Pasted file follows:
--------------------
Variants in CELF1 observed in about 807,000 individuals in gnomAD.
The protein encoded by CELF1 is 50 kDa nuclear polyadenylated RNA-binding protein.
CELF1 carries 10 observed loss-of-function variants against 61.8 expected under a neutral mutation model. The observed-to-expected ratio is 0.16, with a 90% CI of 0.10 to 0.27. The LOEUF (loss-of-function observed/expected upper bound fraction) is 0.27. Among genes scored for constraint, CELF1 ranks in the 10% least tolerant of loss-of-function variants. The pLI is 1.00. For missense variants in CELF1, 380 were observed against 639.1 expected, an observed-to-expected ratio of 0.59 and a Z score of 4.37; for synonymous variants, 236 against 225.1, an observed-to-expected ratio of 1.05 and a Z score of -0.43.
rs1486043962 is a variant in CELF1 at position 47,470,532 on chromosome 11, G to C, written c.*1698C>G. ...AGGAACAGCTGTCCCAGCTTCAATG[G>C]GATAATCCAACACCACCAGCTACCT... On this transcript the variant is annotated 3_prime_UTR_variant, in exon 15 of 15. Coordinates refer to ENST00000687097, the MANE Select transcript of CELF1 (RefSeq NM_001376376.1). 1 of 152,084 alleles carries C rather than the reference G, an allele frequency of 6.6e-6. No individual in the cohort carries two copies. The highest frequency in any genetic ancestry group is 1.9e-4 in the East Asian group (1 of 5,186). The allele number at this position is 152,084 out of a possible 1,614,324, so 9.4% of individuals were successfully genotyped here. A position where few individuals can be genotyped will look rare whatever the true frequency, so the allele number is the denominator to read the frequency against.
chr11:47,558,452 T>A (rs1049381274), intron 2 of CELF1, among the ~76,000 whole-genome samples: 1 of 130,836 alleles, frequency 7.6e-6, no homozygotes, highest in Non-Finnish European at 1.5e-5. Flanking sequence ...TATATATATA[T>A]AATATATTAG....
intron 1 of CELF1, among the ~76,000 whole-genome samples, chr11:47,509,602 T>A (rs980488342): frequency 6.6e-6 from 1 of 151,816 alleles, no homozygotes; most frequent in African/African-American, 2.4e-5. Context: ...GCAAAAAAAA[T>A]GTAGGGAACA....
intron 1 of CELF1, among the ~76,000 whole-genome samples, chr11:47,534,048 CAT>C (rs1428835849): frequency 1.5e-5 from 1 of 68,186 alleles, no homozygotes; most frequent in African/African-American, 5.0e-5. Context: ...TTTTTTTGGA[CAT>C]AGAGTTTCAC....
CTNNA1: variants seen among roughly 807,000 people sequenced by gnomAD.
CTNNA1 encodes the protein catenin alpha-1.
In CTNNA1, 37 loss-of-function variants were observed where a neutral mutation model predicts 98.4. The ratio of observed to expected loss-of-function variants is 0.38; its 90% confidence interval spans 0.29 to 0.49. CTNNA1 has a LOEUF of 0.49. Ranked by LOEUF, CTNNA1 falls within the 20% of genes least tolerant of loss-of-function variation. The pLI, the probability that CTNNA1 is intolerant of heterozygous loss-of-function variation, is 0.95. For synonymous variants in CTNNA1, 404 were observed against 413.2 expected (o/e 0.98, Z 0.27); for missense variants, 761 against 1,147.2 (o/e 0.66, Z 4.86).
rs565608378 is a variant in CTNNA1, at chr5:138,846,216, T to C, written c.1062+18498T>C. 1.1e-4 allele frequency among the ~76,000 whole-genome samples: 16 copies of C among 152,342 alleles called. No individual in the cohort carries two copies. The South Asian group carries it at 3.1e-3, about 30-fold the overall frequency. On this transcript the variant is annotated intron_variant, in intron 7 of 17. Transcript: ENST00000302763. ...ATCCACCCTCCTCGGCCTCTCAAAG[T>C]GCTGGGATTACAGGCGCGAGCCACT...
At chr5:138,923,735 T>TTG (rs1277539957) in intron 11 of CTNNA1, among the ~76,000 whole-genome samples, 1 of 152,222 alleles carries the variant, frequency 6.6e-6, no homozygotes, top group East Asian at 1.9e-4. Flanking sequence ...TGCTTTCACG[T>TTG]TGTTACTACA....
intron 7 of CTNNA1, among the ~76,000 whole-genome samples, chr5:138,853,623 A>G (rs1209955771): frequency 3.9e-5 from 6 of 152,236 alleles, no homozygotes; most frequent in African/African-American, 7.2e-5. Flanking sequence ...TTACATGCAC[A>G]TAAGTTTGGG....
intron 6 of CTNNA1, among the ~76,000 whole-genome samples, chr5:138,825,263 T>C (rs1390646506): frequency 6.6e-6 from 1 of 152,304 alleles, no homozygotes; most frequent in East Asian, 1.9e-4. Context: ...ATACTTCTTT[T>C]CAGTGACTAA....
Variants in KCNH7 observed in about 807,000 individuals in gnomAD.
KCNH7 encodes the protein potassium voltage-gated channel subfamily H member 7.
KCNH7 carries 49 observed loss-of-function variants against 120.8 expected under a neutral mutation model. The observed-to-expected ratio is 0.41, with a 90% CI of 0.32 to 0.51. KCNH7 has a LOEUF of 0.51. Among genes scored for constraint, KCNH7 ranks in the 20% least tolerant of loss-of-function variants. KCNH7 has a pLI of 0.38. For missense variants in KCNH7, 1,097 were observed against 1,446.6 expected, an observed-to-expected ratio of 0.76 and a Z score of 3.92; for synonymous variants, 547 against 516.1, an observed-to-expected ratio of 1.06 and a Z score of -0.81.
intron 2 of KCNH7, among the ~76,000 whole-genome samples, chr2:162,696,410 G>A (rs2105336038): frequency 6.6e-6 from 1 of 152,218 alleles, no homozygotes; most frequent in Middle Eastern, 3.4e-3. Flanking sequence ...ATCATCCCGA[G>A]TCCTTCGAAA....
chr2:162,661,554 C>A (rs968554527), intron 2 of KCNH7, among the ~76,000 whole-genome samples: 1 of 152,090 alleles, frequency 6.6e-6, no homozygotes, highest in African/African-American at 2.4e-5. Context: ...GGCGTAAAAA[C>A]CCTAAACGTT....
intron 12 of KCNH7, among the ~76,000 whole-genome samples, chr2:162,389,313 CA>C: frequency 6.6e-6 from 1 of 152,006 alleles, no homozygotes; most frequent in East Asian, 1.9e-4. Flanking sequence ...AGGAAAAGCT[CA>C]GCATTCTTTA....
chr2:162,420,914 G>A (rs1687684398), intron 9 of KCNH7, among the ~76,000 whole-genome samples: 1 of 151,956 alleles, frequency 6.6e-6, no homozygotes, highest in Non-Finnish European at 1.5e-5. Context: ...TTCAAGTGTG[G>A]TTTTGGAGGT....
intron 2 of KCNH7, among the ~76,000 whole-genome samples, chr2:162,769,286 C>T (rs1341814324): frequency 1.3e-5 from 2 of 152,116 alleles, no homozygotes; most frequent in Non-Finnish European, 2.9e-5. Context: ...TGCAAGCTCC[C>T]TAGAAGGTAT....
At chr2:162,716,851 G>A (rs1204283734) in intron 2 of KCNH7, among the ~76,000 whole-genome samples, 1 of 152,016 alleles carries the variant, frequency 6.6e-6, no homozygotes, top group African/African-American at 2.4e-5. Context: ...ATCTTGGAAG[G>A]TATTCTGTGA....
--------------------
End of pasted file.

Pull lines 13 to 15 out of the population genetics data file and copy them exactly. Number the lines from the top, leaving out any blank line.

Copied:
intron 7 of CTNNA1, among the ~76,000 whole-genome samples, chr5:138,853,623 A>G (rs1209955771): frequency 3.9e-5 from 6 of 152,236 alleles, no homozygotes; most frequent in African/African-American, 7.2e-5. Flanking sequence ...TTACATGCAC[A>G]TAAGTTTGGG....
intron 6 of CTNNA1, among the ~76,000 whole-genome samples, chr5:138,825,263 T>C (rs1390646506): frequency 6.6e-6 from 1 of 152,304 alleles, no homozygotes; most frequent in East Asian, 1.9e-4. Context: ...ATACTTCTTT[T>C]CAGTGACTAA....
Variants in KCNH7 observed in about 807,000 individuals in gnomAD.